Annual Report

Clean Jobs America 2021: After Hard Year, Promise of Unparalleled Jobs Growth. FAQs about the report are available here.

Additional Recommended Reading

LOCAL SOLAR FOR ALL NEWS RELEASE

Broad coalition asks Congress to expand local rooftop and community solar power for all
WASHINGTON, D.C. — A coalition of advocates representing civil rights, indigenous, environment, equity, rural, and business organizations is calling on Congress to prioritize the equitable and just deployment of renewable energy through policies that support expanding local rooftop and community solar power for all.

MINNESOTA’S COMMUNITY SOLAR

Community solar surge strains Minnesota’s interconnection queue, by  Frank Jossi, Energy News Network

Minnesota lawmakers passed the state’s community garden solar law in 2013 and Xcel began formally accepting applications a year later. Projects must have a minimum of five customers and subscribers are limited to no more than 40% of power generation.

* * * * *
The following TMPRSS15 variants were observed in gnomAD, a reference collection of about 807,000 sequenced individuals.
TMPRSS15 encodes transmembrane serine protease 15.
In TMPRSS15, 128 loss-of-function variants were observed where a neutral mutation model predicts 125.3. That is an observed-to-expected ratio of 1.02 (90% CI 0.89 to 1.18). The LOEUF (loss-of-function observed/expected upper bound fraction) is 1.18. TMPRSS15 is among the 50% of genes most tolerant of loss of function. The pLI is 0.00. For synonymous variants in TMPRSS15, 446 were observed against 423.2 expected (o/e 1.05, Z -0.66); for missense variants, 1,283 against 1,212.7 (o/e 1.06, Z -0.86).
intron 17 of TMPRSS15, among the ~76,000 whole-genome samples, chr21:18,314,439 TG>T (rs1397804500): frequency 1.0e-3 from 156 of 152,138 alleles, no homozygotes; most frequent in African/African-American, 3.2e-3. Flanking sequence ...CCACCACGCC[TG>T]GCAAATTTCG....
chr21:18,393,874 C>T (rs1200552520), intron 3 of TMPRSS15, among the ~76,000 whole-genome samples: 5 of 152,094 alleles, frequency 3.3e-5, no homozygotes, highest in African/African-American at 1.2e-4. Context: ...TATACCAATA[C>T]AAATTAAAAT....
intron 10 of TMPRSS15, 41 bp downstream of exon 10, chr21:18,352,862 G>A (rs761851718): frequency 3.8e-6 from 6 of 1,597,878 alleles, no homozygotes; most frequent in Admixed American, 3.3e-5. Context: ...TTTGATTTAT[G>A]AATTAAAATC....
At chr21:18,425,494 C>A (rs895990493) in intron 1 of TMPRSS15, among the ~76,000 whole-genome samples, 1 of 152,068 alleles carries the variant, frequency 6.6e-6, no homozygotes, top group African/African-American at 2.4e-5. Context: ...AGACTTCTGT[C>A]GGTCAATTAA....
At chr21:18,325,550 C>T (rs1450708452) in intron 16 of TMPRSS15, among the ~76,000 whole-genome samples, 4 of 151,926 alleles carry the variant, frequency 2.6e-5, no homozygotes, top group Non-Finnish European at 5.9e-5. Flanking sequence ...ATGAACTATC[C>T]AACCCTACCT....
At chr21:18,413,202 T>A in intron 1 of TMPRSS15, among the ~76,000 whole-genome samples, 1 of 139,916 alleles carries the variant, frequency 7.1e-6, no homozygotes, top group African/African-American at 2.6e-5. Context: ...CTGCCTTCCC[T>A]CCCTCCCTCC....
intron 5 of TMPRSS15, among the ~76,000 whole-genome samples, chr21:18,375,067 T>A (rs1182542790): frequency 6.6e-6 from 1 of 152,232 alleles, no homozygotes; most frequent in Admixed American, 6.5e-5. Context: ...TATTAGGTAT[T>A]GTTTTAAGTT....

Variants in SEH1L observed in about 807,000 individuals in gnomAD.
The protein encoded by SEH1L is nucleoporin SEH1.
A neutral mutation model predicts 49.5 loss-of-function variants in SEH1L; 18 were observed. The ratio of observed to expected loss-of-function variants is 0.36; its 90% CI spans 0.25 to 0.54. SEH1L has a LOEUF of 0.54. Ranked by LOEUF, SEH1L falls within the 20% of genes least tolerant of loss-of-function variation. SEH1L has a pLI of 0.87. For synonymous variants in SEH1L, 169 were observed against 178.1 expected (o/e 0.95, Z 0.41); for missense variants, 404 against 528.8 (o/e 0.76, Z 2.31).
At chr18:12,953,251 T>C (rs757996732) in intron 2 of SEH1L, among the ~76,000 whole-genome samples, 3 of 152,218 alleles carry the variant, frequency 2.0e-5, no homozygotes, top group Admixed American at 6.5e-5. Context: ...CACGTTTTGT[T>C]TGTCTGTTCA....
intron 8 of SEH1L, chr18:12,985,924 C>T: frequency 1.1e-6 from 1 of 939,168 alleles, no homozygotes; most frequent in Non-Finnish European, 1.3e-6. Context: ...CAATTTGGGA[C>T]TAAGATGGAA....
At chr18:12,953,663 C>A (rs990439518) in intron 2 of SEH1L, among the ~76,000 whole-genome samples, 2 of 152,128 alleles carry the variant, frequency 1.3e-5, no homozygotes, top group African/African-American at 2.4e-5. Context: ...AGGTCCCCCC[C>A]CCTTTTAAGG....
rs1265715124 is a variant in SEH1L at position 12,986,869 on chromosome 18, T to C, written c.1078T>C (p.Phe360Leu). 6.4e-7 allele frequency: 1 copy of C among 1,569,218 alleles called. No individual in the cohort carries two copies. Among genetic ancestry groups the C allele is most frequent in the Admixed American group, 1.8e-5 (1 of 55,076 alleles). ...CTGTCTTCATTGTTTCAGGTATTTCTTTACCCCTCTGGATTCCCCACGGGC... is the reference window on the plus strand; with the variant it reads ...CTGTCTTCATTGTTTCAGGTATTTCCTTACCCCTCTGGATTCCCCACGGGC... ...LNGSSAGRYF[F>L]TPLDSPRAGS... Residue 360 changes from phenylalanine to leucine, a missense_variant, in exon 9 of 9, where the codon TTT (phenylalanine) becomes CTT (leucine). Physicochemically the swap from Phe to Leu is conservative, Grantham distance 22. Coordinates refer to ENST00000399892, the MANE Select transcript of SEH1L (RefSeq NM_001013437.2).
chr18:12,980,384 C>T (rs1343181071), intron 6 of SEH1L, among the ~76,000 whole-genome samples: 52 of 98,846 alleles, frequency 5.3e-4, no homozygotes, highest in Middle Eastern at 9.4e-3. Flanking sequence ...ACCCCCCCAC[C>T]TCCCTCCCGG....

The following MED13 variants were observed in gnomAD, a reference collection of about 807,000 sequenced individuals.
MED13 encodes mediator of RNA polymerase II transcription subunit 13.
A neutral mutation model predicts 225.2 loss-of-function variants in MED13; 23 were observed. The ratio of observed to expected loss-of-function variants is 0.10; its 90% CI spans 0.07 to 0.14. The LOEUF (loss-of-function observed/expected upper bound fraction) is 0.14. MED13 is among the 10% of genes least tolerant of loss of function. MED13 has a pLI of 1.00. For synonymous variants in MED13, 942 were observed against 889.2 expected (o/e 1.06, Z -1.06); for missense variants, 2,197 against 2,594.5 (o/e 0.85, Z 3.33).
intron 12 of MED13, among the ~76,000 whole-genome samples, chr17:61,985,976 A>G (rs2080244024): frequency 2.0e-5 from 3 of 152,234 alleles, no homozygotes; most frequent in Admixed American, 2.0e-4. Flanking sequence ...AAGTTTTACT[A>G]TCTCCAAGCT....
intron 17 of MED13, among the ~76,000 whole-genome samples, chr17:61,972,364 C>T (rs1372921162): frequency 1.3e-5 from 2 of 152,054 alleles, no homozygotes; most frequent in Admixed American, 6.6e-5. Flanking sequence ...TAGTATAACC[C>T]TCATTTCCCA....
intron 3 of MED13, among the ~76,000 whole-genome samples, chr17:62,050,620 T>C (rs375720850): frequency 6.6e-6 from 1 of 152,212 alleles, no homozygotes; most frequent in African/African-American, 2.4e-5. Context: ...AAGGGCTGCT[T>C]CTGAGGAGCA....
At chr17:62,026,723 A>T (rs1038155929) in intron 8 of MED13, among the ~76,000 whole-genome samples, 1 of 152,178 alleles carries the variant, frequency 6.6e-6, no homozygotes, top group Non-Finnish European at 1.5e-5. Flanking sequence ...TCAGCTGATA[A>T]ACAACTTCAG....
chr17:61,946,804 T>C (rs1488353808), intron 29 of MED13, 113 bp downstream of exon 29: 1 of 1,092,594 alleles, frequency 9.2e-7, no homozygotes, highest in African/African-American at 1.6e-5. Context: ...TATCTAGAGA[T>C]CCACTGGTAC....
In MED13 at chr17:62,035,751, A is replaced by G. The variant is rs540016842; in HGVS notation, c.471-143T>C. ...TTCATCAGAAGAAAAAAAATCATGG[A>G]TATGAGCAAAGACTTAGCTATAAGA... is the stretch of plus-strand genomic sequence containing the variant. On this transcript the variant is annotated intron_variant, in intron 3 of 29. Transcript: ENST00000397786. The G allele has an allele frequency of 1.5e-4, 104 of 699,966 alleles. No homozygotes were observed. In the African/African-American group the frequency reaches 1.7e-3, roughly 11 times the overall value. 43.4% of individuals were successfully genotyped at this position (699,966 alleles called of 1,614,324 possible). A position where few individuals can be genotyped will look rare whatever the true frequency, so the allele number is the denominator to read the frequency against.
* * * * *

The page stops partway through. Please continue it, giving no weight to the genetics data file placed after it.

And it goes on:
Today, Xcel’s community solar queue includes 515 projects that, if completed, will add 483 megawatts of capacity to its grid. The challenge is that many substations where the projects can connect to the grid are near capacity but still attracting multiple proposals, the utility said in its recent report to regulators.

Also Written by Frank Jossi: 

ELECTRIC VEHICLES

UC-Berkeley Report Claims Electric Cars Will Save Americans $2.7 Trillion, Create 2 Million Jobs, CleanTechnica

 

new report by the University of California at Berkeley makes several bold claims.

 

 

Additional Recommended Reading

CLEAN ENERGY ANALYSIS

Where progressives and conservatives agree on clean energy, by Sarah Golden, GreenBiz